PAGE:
Gas Chromatography....................... 38

2-10 A Summary of Infrared Data Obtained for
the Reaction of Re2(CO) 10 with CO2 and
H2 in Methanol........................... 46

2-11 A Summary of Infrared Data Obtained for
the Reaction of Re (CO) with Carbon
Monoxide in Methan 1.l................... 49









Page


3-1 A Comparison of the Advantages and Dis-
advantages of Using Homogeneous and
Heterogeneous Catalysts................. 63

3-2 A Summary of the Infrared Data Reported
for the Supported Iridium Carbonyl
Catalysts............................... 69

3-3 A Summary of the Reported Activity
for the Supported Iridium Carbonyl
Catalyst System........................... 73

3-4 The Initial Activity of Control
Supports Prepared in 2-methoxyethanol... 95

3-5 Factors That Enhance the Adsorption of
Polar Organic Compounds onto the
Surface of a Hydroxylated Support....... 97

3-6 The Activity of Alumina Supported
Tetrairidium Clusters for Various
Metal Loadings........................... 102

3-7 Thermodynamic Data for Reactions
Involving Synthesis Gas Reduction....... 107

3-8 Thermodynamic Data Concerning the
Decomposition of Toluene................ 117

3-9 A Summary of the Infrared Data Obtained
for the Supported Iridium Carbonyl
Clusters................................ 123

3-10 Infrared Data for Complexes of
Triosmium Carbonyl....................... 163

3-11 Infrared Data for Supported Phosphine
Carbonyl Complexes of Iron.............. 167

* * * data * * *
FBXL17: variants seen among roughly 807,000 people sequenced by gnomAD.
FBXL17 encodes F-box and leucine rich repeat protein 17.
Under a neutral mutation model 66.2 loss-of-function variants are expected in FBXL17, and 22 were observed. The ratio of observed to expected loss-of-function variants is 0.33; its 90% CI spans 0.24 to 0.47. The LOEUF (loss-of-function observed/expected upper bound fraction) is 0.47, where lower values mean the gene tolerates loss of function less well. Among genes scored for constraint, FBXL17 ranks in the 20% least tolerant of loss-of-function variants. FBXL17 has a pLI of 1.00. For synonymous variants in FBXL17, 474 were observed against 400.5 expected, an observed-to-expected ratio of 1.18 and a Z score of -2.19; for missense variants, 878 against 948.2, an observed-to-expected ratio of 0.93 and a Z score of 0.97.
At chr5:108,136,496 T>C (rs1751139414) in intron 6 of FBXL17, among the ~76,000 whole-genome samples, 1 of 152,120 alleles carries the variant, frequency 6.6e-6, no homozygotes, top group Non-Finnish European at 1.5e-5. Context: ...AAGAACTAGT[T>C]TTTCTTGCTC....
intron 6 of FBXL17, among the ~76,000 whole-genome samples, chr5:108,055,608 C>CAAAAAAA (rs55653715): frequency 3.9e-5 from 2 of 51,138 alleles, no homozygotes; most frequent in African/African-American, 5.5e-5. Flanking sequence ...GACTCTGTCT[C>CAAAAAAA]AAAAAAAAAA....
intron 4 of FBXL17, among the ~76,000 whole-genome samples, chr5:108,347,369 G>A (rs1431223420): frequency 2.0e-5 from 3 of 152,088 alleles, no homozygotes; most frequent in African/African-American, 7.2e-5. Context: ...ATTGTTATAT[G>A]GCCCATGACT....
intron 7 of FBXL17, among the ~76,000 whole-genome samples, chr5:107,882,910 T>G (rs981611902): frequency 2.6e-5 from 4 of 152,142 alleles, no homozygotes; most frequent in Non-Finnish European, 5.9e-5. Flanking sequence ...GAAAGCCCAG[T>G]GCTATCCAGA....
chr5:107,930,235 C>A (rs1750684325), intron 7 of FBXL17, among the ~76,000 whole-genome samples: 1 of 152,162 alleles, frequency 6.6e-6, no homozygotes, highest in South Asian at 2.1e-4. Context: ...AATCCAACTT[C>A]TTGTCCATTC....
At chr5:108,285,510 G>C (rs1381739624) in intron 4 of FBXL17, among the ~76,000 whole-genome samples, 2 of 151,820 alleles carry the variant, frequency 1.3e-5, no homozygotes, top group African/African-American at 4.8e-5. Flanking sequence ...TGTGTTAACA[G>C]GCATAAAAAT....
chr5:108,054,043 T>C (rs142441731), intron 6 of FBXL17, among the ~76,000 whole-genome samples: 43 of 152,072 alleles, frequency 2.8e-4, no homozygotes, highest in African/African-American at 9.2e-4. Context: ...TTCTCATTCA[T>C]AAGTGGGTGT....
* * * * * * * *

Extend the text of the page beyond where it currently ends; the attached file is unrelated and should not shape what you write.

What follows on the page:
3-12 A Summary of Infrared Data Obtained
for the Supported Ruthenium Cluster
System .................................. 179















LIST OF FIGURES


Page

2-1 Modes of Binding for Carbon Dioxide
with a Metal Center....................... 6

2-2 A Proposed Mechanism for the Reduction
of Carbon Dioxide to Alkyl Formates
by Group 6B Metal Carbonyl Hydrides..... 13

2-3 A Proposed Mechanism for the Reduction
of Carbon Monoxide to Methyl Formate
by Tungsten Carbonyl Complexes.......... 19

2-4 Infrared Spectrum of Precipitate
Obtained from Reaction of Carbon Dioxide
and NaMn(CO)5 ........................... 31

2-5 Solution Infrared Spectrum of the
Carbonyl Region for the Reaction Between
Carbon Dioxide and NaMn(CO)5 in
Acetonitrile............................. 32

2-6 Solvent Subtracted Infrared Spectrum
for the Reaction Between Carbon Dioxide
and NaMn(CO)5 in Tetrahydrofuran........ 34

2-7 Mass Intensity Report for Methyl
Formate................................. 39

2-8 Mass Intensity Report for Dimethyl
Ether................................... 40

2-9 Mass Intensity Report for Dimethoxy-